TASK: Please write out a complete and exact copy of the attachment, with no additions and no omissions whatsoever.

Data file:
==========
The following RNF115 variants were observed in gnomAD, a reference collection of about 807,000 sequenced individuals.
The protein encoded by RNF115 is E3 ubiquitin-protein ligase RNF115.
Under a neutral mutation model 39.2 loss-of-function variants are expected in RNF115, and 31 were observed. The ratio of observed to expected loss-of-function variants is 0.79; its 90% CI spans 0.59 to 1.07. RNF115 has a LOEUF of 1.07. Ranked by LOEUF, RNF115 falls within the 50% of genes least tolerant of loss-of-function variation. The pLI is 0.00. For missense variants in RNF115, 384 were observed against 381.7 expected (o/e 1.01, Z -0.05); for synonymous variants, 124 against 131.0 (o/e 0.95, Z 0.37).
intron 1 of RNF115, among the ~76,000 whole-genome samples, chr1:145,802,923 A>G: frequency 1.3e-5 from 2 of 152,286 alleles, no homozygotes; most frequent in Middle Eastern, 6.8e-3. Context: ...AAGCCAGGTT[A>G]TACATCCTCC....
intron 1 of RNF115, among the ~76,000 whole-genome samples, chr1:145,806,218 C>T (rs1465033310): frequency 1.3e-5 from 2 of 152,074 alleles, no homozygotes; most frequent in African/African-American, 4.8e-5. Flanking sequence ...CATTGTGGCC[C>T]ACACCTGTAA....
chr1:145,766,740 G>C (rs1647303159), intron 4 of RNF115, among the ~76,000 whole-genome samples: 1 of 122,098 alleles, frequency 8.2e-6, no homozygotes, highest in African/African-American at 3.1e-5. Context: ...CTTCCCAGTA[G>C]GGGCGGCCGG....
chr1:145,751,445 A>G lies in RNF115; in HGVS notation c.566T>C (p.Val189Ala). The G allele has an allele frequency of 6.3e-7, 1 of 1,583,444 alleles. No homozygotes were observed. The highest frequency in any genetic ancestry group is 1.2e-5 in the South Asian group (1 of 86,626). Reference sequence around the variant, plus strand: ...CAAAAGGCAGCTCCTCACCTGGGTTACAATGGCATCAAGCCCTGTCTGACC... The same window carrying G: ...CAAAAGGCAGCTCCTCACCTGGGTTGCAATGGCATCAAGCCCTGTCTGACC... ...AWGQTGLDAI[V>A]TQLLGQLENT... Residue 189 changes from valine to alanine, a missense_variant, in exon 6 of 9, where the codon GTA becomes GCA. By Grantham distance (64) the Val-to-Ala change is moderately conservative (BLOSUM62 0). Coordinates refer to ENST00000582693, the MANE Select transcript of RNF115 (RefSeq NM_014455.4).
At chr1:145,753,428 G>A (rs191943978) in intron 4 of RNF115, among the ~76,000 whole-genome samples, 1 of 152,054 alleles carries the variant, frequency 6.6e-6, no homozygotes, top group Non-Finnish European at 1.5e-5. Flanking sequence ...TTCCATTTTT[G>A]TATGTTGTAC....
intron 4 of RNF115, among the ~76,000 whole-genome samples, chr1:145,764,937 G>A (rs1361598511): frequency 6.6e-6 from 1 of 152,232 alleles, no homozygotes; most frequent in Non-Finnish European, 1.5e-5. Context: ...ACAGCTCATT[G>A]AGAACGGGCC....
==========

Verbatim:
The following RNF115 variants were observed in gnomAD, a reference collection of about 807,000 sequenced individuals.
The protein encoded by RNF115 is E3 ubiquitin-protein ligase RNF115.
Under a neutral mutation model 39.2 loss-of-function variants are expected in RNF115, and 31 were observed. The ratio of observed to expected loss-of-function variants is 0.79; its 90% CI spans 0.59 to 1.07. RNF115 has a LOEUF of 1.07. Ranked by LOEUF, RNF115 falls within the 50% of genes least tolerant of loss-of-function variation. The pLI is 0.00. For missense variants in RNF115, 384 were observed against 381.7 expected (o/e 1.01, Z -0.05); for synonymous variants, 124 against 131.0 (o/e 0.95, Z 0.37).
intron 1 of RNF115, among the ~76,000 whole-genome samples, chr1:145,802,923 A>G: frequency 1.3e-5 from 2 of 152,286 alleles, no homozygotes; most frequent in Middle Eastern, 6.8e-3. Context: ...AAGCCAGGTT[A>G]TACATCCTCC....
intron 1 of RNF115, among the ~76,000 whole-genome samples, chr1:145,806,218 C>T (rs1465033310): frequency 1.3e-5 from 2 of 152,074 alleles, no homozygotes; most frequent in African/African-American, 4.8e-5. Flanking sequence ...CATTGTGGCC[C>T]ACACCTGTAA....
chr1:145,766,740 G>C (rs1647303159), intron 4 of RNF115, among the ~76,000 whole-genome samples: 1 of 122,098 alleles, frequency 8.2e-6, no homozygotes, highest in African/African-American at 3.1e-5. Context: ...CTTCCCAGTA[G>C]GGGCGGCCGG....
chr1:145,751,445 A>G lies in RNF115; in HGVS notation c.566T>C (p.Val189Ala). The G allele has an allele frequency of 6.3e-7, 1 of 1,583,444 alleles. No homozygotes were observed. The highest frequency in any genetic ancestry group is 1.2e-5 in the South Asian group (1 of 86,626). Reference sequence around the variant, plus strand: ...CAAAAGGCAGCTCCTCACCTGGGTTACAATGGCATCAAGCCCTGTCTGACC... The same window carrying G: ...CAAAAGGCAGCTCCTCACCTGGGTTGCAATGGCATCAAGCCCTGTCTGACC... ...AWGQTGLDAI[V>A]TQLLGQLENT... Residue 189 changes from valine to alanine, a missense_variant, in exon 6 of 9, where the codon GTA becomes GCA. By Grantham distance (64) the Val-to-Ala change is moderately conservative (BLOSUM62 0). Coordinates refer to ENST00000582693, the MANE Select transcript of RNF115 (RefSeq NM_014455.4).
At chr1:145,753,428 G>A (rs191943978) in intron 4 of RNF115, among the ~76,000 whole-genome samples, 1 of 152,054 alleles carries the variant, frequency 6.6e-6, no homozygotes, top group Non-Finnish European at 1.5e-5. Flanking sequence ...TTCCATTTTT[G>A]TATGTTGTAC....
intron 4 of RNF115, among the ~76,000 whole-genome samples, chr1:145,764,937 G>A (rs1361598511): frequency 6.6e-6 from 1 of 152,232 alleles, no homozygotes; most frequent in Non-Finnish European, 1.5e-5. Context: ...ACAGCTCATT[G>A]AGAACGGGCC....